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Sodoma
GIOVANNI ANTONIO BAZZI, or Sodoma, as he is more commonly called, is one of the most interesting of that large group of lesser-known artists, who helped to make the Renaissance the widespread and penetrating movement which it became.
Sodoma In Monte Oliveto
WE now come to that series of frescoes in the surrounding country, in which, as we have already noticed, Sodoma's artistic personality seems to have first fully asserted itself. In 1503 he was given his first important commission, which was to paint in fresco the two end walls of the little convent of St. Anna in Creta, not far from San Quirico.
Sodoma In Rome
IT is certain that Sodoma left Monte Oliveto more fully in possession of his faculties as an artist than when he went there. He had left the mediŠval manner behind him, and might now take rank among the moderns. He is entirely modern in the fresco in the Vatican, which is the next work which we can trace.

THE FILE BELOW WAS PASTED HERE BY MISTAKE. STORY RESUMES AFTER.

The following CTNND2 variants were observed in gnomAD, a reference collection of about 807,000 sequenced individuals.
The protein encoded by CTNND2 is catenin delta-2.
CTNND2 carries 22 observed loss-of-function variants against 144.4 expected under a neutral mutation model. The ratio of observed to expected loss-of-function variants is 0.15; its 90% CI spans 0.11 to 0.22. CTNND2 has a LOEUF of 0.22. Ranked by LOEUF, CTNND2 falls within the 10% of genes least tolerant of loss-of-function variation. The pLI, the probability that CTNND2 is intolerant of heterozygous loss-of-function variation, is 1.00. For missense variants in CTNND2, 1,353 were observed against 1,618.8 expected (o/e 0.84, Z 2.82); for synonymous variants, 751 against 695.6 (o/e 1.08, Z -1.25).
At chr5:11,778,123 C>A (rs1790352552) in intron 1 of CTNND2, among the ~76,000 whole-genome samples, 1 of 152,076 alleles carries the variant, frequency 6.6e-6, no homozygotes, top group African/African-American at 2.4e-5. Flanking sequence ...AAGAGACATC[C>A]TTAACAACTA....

Success At Siena Of Sodoma
MILANESI believes that it was soon after his second Roman visit that Sodoma went first to stay at Piombino, a little seaport town at the extreme end of the promontory of Populonia. Its prince was one of the Appiano family, originally from Pisa, who had obtained possession of the land towards the close of the fourteenth century.
Unknown Period, And Return To Siena Of Sodoma
AFTER the commencement of the San Bernardino frescoes Sodoma disappeared from Tuscany, and an amount of uncertainty has gathered round his doings during the next seven years. There are no more documents concerning him to be found at Siena till 1525, and the political condition of the city was just then very unfavourable to artistic work.
Later Years Of Sodoma
SODOMA had worked hitherto for private patrons, or at best for ecclesiastical communities. Of municipal commissions he had received none as yet, and it was only in 1529 that the city gave him his first large public order in the painting of the walls of their council chambers.
General Character Of Sodoma
IN addition to the long list of frescoes and paintings which we have already considered and about which we have been able to obtain contemporary information, there still remains to be noted a small number of minor works, of but little relative value as examples of his art, but bearing some historical importance.
Life Of Sir David Wilkie Early Years